On my tenth tap, while sitting in my car in the parking lot surrounded by my paper towel, I felt the dopamine rushing to my brain in anticipation of the big reward. With another wave of tap-induced steroid adrenaline streaming through my veins, I tapped to redeem the two remaining songs and then went for the Big Kahuna, the Chromecast.  I had visions of black, red, or yellow Chromecasts dangling from my TV’s HDMI port and streaming binges on weekends. But nothing seemed to happen after my final tap. I thought I did something wrong so I backtracked to click on a previous song while Bob Marley’s “Redemption Song” played endlessly in my head. Then a minute later, a code flashed quickly by.  I figured that Google had a way to seamlessly capture and register that promo code which is needed at the online Google Chromecast store. Google is a payment processing player and an engineering company. They’ve been operating Google Wallet for several  years so they should know better. I looked in settings. Nope. No code there. It was gone forever.

While the program ended at the end of Febuarary you have until March 31, 2016  st to redeem the Chromecast.  After six calls to Google Support and escalations, they are still trying to figure out how to get me a code.  Of course, software companies have been using one-time registration codes forever and intuitively now how to issue and deliver a replacement code.  Apparently, Google hasn’t solved this technical rubic’s cube yet.

Waiting a week for customer service responses and resolution from a company like Google is not acceptable. I don’t know if I’ll ever receive a code and get my black, red or yellow Caster.  Are you a happy tapper? Did you tap your way to ten and get the Chromecast of your dreams or were you left streaming in the wind?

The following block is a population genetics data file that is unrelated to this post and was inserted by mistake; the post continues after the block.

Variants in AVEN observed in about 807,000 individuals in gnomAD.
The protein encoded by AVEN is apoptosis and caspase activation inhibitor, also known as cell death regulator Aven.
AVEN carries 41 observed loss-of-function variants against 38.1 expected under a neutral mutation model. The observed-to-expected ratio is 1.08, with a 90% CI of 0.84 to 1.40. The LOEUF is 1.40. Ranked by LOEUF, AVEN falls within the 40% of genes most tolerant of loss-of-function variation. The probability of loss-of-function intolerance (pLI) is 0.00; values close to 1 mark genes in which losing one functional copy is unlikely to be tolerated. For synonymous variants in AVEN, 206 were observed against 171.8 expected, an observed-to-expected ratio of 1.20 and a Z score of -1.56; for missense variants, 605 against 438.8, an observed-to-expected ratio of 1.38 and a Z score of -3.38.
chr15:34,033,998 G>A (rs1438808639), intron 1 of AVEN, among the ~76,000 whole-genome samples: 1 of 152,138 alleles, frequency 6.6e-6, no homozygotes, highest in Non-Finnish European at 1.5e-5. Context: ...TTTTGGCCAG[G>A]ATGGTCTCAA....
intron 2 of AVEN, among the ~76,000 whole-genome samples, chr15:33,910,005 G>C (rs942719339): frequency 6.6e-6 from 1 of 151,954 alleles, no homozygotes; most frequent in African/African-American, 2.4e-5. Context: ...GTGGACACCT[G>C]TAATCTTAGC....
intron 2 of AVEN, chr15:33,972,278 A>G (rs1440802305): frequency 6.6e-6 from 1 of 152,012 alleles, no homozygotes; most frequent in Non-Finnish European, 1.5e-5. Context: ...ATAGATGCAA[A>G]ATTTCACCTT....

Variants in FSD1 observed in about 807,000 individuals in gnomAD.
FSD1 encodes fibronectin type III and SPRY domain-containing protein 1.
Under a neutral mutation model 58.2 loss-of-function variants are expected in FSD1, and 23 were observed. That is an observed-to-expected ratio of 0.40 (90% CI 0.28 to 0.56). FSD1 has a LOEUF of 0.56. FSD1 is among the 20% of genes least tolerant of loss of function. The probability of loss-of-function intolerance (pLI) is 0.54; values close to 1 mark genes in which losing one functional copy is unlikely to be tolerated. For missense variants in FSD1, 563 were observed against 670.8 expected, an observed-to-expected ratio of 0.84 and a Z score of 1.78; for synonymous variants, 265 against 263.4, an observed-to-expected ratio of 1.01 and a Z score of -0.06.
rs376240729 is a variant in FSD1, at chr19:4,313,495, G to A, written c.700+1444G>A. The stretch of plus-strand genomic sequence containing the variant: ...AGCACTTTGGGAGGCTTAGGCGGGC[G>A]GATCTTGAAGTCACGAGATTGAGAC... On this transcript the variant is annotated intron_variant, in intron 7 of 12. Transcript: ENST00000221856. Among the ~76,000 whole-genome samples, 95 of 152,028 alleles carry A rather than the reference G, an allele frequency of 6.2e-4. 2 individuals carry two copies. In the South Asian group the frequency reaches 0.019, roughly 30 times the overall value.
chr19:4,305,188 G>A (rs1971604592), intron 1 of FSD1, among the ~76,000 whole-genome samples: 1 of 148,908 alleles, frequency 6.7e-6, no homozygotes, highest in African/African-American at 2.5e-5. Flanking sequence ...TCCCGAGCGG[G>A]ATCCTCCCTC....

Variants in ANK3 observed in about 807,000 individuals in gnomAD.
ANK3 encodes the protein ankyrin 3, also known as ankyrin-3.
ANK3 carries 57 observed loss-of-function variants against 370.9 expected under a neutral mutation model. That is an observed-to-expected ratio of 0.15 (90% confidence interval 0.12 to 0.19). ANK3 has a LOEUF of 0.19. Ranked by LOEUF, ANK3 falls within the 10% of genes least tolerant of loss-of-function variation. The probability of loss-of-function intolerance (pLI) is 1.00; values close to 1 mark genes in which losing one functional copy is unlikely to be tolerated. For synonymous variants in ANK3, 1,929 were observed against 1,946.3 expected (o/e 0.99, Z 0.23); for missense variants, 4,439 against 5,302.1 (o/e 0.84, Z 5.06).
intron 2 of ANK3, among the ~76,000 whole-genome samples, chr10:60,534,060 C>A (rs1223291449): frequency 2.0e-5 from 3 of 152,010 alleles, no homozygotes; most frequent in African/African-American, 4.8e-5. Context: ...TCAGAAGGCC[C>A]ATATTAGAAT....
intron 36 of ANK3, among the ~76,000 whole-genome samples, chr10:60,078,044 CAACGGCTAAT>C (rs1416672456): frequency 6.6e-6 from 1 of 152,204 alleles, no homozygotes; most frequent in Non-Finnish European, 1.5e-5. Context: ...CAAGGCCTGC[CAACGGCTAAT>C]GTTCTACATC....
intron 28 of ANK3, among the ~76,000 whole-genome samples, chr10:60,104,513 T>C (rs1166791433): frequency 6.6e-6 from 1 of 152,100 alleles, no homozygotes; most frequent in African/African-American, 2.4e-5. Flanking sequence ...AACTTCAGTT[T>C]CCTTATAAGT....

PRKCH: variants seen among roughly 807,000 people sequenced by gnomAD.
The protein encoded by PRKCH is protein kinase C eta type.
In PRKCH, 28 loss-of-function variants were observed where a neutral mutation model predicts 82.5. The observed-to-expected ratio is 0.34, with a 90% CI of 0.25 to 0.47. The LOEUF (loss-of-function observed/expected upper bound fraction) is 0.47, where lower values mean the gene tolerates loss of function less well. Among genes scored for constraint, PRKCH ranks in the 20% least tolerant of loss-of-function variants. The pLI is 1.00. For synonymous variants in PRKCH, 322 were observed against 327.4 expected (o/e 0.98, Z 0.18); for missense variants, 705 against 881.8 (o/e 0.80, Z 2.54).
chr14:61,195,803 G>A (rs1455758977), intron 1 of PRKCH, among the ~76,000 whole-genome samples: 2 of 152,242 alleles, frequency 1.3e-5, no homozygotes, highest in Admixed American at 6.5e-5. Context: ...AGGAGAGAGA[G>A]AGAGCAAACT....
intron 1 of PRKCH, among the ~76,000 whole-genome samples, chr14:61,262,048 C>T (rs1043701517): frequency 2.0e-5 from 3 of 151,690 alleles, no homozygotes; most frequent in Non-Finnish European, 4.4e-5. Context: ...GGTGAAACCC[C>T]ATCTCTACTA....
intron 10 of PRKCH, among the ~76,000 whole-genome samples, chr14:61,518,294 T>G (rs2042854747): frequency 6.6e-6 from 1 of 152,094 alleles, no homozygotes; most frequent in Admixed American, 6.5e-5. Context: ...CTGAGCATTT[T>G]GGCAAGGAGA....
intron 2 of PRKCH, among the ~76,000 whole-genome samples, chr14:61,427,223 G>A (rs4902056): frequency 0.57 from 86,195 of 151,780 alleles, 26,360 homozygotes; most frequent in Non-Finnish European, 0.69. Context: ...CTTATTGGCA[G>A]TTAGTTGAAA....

Update: Google support finally got back to me and issued a redemption code. I was able to redeem it for a new Chromecast. The optional fast delivery shipping charges were $12.00 or almost 1/3 the cost of a Chromecast. But that’s fine. It was my option to elect two day delivery.



Outwitting Robocallers – Say Goodbye to Scammers and Unwanted Callers

Life is full of little annoyances and the opportunity to take one off the list frees up more time and it maybe it will eliminate 1 mm Hg off the blood pressure scale. One major annoyance to me is recorded Robocalls. You know the kind.  Is your site listed on the first page of Google? Hi, this is John from Microsoft. Did you know your computer was infected with Ebola? It’s hard to believe that I missed a service that started that 2013 to solve this problem. If I missed it then maybe you did too. The free service is Nomorobo It works like a community sandbox. That is, it relies on a collective pool of reported robocall numbers in a database gleaned from other users. It then matches that number instantly to determine if it’s a robocall or a real person trying to get in touch. If it decides it’s a robot call it diverts the call and you’ll just hear one ring which you can ignore.  How Does Nomorobo Work? It uses the Simultaneous Ring” feature offered by many telephone services. You add the toll-free Nomorobo number to your simultaneous ring” list. Nomorobo gets the call as soon as you do and instantly compares it to the robocall database. If it finds a match it quashes the call. Simple and free are two words I like.  I’m testing the service and will update this blog to let you know how it works. Supported carriers include: AT&T U-Verse, broadvoice, Comcast Xfininity, fronteir, ooma, optimum, (what’s with all this lower case branding?), SONIC, SureWest, TimeWarnerCable, Verizon Fios,, VOIPo, Vonage, WAVE, and 1-VOIP. I give it 5 stars out of 5!  Signup here.